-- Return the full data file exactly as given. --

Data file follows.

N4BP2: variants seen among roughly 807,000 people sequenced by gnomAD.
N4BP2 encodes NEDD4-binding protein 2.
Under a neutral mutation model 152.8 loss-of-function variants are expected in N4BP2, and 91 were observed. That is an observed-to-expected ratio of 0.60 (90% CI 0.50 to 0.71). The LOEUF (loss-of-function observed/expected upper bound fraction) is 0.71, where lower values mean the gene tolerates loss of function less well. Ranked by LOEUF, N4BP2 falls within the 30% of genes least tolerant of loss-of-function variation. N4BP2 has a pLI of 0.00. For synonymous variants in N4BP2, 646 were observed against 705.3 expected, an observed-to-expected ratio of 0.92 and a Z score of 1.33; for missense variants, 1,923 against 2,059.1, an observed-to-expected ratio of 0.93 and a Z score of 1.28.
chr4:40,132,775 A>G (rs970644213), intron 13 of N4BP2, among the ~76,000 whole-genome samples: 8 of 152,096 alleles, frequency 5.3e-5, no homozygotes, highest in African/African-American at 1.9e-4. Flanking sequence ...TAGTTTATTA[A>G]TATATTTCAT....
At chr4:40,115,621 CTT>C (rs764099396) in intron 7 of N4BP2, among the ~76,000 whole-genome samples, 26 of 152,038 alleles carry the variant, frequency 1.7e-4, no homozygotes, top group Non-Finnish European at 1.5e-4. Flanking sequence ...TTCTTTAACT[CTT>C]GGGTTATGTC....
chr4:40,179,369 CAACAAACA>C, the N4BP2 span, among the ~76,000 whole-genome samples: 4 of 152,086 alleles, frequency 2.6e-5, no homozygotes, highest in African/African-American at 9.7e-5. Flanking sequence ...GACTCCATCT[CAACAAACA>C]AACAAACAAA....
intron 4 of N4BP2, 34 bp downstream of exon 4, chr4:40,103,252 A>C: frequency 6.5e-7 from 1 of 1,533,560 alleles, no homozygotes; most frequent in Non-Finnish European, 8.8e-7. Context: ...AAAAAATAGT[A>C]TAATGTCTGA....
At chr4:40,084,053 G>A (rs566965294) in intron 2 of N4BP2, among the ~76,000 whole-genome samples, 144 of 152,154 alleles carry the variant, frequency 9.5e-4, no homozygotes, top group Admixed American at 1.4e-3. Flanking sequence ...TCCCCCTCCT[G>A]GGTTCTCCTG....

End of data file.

N4BP2: variants seen among roughly 807,000 people sequenced by gnomAD.
N4BP2 encodes NEDD4-binding protein 2.
Under a neutral mutation model 152.8 loss-of-function variants are expected in N4BP2, and 91 were observed. That is an observed-to-expected ratio of 0.60 (90% CI 0.50 to 0.71). The LOEUF (loss-of-function observed/expected upper bound fraction) is 0.71, where lower values mean the gene tolerates loss of function less well. Ranked by LOEUF, N4BP2 falls within the 30% of genes least tolerant of loss-of-function variation. N4BP2 has a pLI of 0.00. For synonymous variants in N4BP2, 646 were observed against 705.3 expected, an observed-to-expected ratio of 0.92 and a Z score of 1.33; for missense variants, 1,923 against 2,059.1, an observed-to-expected ratio of 0.93 and a Z score of 1.28.
chr4:40,132,775 A>G (rs970644213), intron 13 of N4BP2, among the ~76,000 whole-genome samples: 8 of 152,096 alleles, frequency 5.3e-5, no homozygotes, highest in African/African-American at 1.9e-4. Flanking sequence ...TAGTTTATTA[A>G]TATATTTCAT....
At chr4:40,115,621 CTT>C (rs764099396) in intron 7 of N4BP2, among the ~76,000 whole-genome samples, 26 of 152,038 alleles carry the variant, frequency 1.7e-4, no homozygotes, top group Non-Finnish European at 1.5e-4. Flanking sequence ...TTCTTTAACT[CTT>C]GGGTTATGTC....
chr4:40,179,369 CAACAAACA>C, the N4BP2 span, among the ~76,000 whole-genome samples: 4 of 152,086 alleles, frequency 2.6e-5, no homozygotes, highest in African/African-American at 9.7e-5. Flanking sequence ...GACTCCATCT[CAACAAACA>C]AACAAACAAA....
intron 4 of N4BP2, 34 bp downstream of exon 4, chr4:40,103,252 A>C: frequency 6.5e-7 from 1 of 1,533,560 alleles, no homozygotes; most frequent in Non-Finnish European, 8.8e-7. Context: ...AAAAAATAGT[A>C]TAATGTCTGA....
At chr4:40,084,053 G>A (rs566965294) in intron 2 of N4BP2, among the ~76,000 whole-genome samples, 144 of 152,154 alleles carry the variant, frequency 9.5e-4, no homozygotes, top group Admixed American at 1.4e-3. Flanking sequence ...TCCCCCTCCT[G>A]GGTTCTCCTG....